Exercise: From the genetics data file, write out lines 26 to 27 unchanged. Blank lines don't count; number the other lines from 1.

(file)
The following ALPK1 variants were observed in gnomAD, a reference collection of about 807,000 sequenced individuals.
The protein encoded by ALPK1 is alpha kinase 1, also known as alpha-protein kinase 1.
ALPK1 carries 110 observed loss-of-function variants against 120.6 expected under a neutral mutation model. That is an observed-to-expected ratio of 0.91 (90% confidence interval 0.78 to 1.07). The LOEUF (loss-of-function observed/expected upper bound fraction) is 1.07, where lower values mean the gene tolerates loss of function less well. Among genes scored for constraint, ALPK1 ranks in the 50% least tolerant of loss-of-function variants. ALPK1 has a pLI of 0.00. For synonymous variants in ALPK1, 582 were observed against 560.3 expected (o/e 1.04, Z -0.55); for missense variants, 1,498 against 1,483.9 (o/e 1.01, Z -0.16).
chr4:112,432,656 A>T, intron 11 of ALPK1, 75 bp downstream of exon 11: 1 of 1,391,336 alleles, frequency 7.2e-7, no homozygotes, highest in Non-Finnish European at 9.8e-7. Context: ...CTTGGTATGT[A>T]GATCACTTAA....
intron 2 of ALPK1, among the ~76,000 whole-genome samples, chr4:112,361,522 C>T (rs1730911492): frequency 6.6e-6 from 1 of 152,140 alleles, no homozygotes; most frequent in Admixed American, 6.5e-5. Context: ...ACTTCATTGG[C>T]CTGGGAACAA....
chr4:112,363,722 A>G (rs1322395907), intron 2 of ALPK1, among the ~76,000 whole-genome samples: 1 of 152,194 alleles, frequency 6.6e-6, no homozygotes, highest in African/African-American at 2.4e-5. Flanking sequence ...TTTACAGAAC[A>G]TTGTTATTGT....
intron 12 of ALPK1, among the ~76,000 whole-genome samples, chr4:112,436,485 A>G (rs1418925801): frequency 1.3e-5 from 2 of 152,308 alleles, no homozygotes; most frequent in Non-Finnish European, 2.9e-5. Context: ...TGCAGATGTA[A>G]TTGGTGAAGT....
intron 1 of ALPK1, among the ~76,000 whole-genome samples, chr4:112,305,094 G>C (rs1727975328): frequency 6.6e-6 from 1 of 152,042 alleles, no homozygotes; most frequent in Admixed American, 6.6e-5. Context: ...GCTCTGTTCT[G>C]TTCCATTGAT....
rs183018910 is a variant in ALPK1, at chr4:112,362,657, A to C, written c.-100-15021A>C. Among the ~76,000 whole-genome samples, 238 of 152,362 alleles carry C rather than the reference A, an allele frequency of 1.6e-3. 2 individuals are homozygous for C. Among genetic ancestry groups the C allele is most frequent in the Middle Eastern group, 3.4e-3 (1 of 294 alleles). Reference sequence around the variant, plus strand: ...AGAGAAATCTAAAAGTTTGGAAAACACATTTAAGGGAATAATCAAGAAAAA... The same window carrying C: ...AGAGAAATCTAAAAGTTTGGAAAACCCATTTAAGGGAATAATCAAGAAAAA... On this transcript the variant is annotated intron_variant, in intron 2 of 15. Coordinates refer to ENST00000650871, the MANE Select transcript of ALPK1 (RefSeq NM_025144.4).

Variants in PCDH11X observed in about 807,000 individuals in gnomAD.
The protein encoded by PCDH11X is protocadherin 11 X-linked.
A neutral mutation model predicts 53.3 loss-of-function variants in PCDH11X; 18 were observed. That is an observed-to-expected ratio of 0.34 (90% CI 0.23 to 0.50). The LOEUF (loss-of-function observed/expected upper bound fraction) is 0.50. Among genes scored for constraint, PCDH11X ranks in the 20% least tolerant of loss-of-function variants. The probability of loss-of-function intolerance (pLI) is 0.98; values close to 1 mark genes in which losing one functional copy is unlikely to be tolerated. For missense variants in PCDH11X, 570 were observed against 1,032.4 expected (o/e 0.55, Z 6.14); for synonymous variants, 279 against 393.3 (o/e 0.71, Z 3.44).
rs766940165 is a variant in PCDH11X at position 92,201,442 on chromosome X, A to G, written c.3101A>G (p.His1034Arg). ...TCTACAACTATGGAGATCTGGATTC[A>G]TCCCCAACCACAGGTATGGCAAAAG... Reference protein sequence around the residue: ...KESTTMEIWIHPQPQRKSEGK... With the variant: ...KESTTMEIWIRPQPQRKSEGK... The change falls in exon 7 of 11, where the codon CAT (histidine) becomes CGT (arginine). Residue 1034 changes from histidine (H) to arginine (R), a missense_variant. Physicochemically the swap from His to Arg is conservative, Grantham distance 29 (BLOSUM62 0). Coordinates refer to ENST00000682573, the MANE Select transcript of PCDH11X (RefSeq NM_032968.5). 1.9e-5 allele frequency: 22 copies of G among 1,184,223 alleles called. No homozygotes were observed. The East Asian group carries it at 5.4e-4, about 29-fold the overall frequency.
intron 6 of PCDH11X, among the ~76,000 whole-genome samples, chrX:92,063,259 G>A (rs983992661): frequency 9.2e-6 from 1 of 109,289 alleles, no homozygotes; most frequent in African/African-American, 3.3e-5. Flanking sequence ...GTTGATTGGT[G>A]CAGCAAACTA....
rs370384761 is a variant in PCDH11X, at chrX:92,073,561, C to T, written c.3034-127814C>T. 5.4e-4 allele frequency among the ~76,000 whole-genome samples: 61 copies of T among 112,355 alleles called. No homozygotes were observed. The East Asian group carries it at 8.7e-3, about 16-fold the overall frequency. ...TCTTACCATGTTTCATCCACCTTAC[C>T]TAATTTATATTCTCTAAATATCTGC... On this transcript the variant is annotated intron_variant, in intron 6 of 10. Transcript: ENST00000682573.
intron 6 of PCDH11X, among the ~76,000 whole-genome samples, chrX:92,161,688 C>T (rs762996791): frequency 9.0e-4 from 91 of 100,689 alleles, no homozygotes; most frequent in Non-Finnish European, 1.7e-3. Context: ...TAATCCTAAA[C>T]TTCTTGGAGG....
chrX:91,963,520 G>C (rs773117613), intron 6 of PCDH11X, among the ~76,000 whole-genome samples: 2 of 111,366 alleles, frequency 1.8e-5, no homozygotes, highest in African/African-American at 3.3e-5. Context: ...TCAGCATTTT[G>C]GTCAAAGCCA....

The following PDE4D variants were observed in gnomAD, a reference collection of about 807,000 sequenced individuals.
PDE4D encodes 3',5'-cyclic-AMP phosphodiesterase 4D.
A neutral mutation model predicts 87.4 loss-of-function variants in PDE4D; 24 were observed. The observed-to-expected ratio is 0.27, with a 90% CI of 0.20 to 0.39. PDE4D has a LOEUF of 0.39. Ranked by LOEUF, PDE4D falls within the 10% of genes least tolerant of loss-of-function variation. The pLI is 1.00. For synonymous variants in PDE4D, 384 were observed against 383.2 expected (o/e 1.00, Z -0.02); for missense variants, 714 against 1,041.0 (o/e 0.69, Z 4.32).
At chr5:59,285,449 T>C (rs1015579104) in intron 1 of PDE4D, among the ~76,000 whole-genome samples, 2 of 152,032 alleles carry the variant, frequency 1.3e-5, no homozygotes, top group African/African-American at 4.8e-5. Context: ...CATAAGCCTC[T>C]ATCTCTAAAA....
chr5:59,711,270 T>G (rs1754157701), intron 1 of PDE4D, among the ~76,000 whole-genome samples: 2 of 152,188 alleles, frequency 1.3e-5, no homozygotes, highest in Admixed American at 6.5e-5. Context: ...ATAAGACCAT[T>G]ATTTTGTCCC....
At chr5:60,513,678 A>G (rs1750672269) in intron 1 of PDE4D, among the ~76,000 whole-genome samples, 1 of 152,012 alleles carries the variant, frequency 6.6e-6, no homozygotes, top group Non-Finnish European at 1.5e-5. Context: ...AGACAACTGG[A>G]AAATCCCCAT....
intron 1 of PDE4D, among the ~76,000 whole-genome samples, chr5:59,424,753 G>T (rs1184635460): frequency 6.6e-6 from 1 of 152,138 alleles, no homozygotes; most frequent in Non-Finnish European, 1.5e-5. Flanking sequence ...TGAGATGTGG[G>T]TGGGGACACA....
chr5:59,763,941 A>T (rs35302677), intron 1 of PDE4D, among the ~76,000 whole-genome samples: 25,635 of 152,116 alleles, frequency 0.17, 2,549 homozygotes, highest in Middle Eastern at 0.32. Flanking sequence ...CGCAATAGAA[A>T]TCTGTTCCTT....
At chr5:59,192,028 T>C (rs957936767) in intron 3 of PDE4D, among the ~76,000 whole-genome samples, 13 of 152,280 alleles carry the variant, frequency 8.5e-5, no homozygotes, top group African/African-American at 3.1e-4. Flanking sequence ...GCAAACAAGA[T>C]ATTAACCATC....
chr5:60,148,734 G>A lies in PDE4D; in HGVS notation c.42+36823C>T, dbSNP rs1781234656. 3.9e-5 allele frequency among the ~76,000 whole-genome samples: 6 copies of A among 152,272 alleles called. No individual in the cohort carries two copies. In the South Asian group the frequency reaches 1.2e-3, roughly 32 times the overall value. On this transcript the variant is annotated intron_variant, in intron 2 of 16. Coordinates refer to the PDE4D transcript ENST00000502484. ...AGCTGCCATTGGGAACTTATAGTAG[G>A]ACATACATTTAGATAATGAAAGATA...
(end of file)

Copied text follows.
At chr5:59,192,028 T>C (rs957936767) in intron 3 of PDE4D, among the ~76,000 whole-genome samples, 13 of 152,280 alleles carry the variant, frequency 8.5e-5, no homozygotes, top group African/African-American at 3.1e-4. Flanking sequence ...GCAAACAAGA[T>C]ATTAACCATC....
chr5:60,148,734 G>A lies in PDE4D; in HGVS notation c.42+36823C>T, dbSNP rs1781234656. 3.9e-5 allele frequency among the ~76,000 whole-genome samples: 6 copies of A among 152,272 alleles called. No individual in the cohort carries two copies. In the South Asian group the frequency reaches 1.2e-3, roughly 32 times the overall value. On this transcript the variant is annotated intron_variant, in intron 2 of 16. Coordinates refer to the PDE4D transcript ENST00000502484. ...AGCTGCCATTGGGAACTTATAGTAG[G>A]ACATACATTTAGATAATGAAAGATA...